patagonia, don't buy this jacket, sustainability, responsibilityThink Patagonia and their Don’t Buy Their Jacket campaign and their Common Threads Initiative. Was it a completely altruistic initiative? No. At the end of the day they want the sales, but it how they go about it that counts. I recently learned about another example of which you may not be aware. Nokia. Nokia has been in the top 5 on Greenpeace’s Guide to Greener Electronics for the last four years. But well beyond that, they developed a real-time text initiative for third-world farmers that allows them to check market prices. The idea is that each morning, a farmer can easily ping this network to know what prices his particular crop is selling for in nearby markets, so he can price his supply accordingly. All of this takes place via the tech-simple SMS message. Why is Nokia doing this? In the words of a Nokia exec I recently heard speak at Social Media Week, they do it because it is the right thing to do. Very powerful stuff.

Seventh GenerationSo today, when I had the chance to speak with Joey Bergstein, CMO of Seventh Generation, I was particularly excited. I hope you forgive my nervousness on the audio as I was filling in for Brian. Our conversation was about much more than just purpose of course. Like many of our previous guests, Joey started his career at Procter & Gamble and grew is various roles in Canada, Europe and the U.S. across multiple brands. For Joey, his time at P&G taught him how to build and manage a brand. Obviously key skills for any marketers. When I asked him how he thought the role of brand manager had changed (and I am thinking back to our conversation with Dave Knox of The Brandery and also a former P&Ger), Joey shared:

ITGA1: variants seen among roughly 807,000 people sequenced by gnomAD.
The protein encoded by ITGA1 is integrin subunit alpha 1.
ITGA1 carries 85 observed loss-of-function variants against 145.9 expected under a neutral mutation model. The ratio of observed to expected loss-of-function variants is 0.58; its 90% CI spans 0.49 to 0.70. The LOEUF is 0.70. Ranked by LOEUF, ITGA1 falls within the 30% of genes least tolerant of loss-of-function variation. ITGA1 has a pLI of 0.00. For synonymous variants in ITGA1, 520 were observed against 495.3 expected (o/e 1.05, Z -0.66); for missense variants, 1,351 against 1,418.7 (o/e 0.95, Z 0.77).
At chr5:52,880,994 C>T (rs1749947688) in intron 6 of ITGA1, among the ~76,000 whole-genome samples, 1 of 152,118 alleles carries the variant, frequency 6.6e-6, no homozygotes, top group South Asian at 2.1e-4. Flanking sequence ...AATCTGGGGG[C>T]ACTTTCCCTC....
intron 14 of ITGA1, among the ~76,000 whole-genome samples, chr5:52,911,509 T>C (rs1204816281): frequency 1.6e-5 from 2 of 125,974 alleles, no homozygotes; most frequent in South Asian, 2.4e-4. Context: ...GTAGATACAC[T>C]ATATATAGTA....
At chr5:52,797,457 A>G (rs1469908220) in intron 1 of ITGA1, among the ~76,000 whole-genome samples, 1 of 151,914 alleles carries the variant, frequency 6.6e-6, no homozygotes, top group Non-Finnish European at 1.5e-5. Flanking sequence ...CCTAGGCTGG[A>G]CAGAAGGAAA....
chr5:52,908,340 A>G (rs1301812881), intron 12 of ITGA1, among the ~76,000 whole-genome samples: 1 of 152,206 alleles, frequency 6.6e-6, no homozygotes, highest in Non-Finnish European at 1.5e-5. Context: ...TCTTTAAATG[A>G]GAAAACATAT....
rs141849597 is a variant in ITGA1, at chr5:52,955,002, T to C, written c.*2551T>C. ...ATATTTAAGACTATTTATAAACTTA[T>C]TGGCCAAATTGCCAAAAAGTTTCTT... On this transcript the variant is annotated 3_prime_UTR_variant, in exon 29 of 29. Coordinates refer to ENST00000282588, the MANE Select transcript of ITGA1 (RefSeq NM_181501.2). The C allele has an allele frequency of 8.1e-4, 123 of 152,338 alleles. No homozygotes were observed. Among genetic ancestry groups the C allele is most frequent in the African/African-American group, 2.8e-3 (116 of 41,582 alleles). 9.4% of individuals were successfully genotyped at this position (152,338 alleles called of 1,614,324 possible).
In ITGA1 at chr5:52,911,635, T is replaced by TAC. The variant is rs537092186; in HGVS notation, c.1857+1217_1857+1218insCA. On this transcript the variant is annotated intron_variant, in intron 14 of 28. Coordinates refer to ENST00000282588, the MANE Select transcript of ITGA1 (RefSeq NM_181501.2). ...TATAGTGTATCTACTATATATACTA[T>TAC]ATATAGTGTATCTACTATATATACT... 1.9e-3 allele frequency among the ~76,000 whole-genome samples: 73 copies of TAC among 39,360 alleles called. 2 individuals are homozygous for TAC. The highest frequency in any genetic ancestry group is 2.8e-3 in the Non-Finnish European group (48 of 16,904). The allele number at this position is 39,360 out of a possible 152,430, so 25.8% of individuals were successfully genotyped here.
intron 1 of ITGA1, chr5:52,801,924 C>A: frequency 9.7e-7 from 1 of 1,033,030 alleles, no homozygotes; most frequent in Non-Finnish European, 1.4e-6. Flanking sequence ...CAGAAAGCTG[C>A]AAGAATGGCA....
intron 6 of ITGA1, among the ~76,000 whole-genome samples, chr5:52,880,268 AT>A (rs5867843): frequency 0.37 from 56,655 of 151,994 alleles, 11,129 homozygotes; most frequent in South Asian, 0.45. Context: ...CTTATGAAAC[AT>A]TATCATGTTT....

The role of Brand Managers haven’t changed per se, but the tools have changed. Successful brands managers are universal soldiers.

We also spoke about how in this consumer-driven world that shoppers are essentially looking for everything. That is, they want value for their dollar, but they also want to find a brand that resonates with their lifestyle. This insight becomes particularly important for niche brands like Seventh Generation. I asked Joey what his strategy was for competing with larger, household brands with large budgets. His answer surprised me. They don’t really compete with those brands. Why? Seventh Generation appeals to a specific kind of customer. It seems to be in many ways, that makes a marketer’s job easier. There is no breaking through the clutter when the customer is seeking you out.

Lastly, I had to ask Joey about Rance Crain’s recent Ad Age piece Is the Era of Purpose-Driven Ads (Finally) OverJoey’s answer was simple. If the brand attaches itself to a cause as a selling gimmick, consumers will suss that out and it will fail. If it is a genuine initiative to do business differently, the story and the opportunity changes significantly.

To hear more of Joey’s insights, tune in below.

Connect with Kat on Google +LinkedIn or Twitter.

[Lead Image via Tagxedo]